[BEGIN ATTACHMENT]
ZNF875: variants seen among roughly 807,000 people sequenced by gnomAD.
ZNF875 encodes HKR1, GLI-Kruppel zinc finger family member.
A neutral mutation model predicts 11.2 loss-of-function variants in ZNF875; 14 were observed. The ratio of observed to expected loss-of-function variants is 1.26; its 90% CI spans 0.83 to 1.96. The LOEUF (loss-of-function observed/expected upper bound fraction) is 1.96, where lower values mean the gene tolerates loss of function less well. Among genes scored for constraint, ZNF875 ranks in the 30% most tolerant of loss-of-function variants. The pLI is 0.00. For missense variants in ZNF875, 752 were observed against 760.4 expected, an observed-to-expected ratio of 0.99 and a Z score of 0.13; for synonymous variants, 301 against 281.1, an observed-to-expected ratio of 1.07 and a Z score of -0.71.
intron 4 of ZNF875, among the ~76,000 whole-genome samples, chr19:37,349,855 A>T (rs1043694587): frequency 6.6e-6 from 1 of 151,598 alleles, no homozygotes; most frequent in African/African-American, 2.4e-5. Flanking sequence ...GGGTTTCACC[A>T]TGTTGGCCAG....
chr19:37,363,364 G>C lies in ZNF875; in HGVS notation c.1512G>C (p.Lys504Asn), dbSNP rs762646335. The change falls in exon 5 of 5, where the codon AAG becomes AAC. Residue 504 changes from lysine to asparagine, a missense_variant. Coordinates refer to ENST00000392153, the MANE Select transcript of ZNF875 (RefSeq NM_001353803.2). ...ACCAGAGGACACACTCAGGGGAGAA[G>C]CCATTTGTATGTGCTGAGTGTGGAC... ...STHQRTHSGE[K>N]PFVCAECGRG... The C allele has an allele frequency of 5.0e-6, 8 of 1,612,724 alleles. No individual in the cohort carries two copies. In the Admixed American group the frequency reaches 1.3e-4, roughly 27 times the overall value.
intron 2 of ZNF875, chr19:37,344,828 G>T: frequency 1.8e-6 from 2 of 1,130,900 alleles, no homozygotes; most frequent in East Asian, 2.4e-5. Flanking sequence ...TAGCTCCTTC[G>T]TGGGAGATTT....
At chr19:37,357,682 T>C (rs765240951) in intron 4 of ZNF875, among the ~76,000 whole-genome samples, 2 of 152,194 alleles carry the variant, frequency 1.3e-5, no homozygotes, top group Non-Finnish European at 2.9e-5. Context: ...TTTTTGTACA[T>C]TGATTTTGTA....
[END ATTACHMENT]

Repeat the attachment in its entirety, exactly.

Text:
ZNF875: variants seen among roughly 807,000 people sequenced by gnomAD.
ZNF875 encodes HKR1, GLI-Kruppel zinc finger family member.
A neutral mutation model predicts 11.2 loss-of-function variants in ZNF875; 14 were observed. The ratio of observed to expected loss-of-function variants is 1.26; its 90% CI spans 0.83 to 1.96. The LOEUF (loss-of-function observed/expected upper bound fraction) is 1.96, where lower values mean the gene tolerates loss of function less well. Among genes scored for constraint, ZNF875 ranks in the 30% most tolerant of loss-of-function variants. The pLI is 0.00. For missense variants in ZNF875, 752 were observed against 760.4 expected, an observed-to-expected ratio of 0.99 and a Z score of 0.13; for synonymous variants, 301 against 281.1, an observed-to-expected ratio of 1.07 and a Z score of -0.71.
intron 4 of ZNF875, among the ~76,000 whole-genome samples, chr19:37,349,855 A>T (rs1043694587): frequency 6.6e-6 from 1 of 151,598 alleles, no homozygotes; most frequent in African/African-American, 2.4e-5. Flanking sequence ...GGGTTTCACC[A>T]TGTTGGCCAG....
chr19:37,363,364 G>C lies in ZNF875; in HGVS notation c.1512G>C (p.Lys504Asn), dbSNP rs762646335. The change falls in exon 5 of 5, where the codon AAG becomes AAC. Residue 504 changes from lysine to asparagine, a missense_variant. Coordinates refer to ENST00000392153, the MANE Select transcript of ZNF875 (RefSeq NM_001353803.2). ...ACCAGAGGACACACTCAGGGGAGAA[G>C]CCATTTGTATGTGCTGAGTGTGGAC... ...STHQRTHSGE[K>N]PFVCAECGRG... The C allele has an allele frequency of 5.0e-6, 8 of 1,612,724 alleles. No individual in the cohort carries two copies. In the Admixed American group the frequency reaches 1.3e-4, roughly 27 times the overall value.
intron 2 of ZNF875, chr19:37,344,828 G>T: frequency 1.8e-6 from 2 of 1,130,900 alleles, no homozygotes; most frequent in East Asian, 2.4e-5. Flanking sequence ...TAGCTCCTTC[G>T]TGGGAGATTT....
At chr19:37,357,682 T>C (rs765240951) in intron 4 of ZNF875, among the ~76,000 whole-genome samples, 2 of 152,194 alleles carry the variant, frequency 1.3e-5, no homozygotes, top group Non-Finnish European at 2.9e-5. Context: ...TTTTTGTACA[T>C]TGATTTTGTA....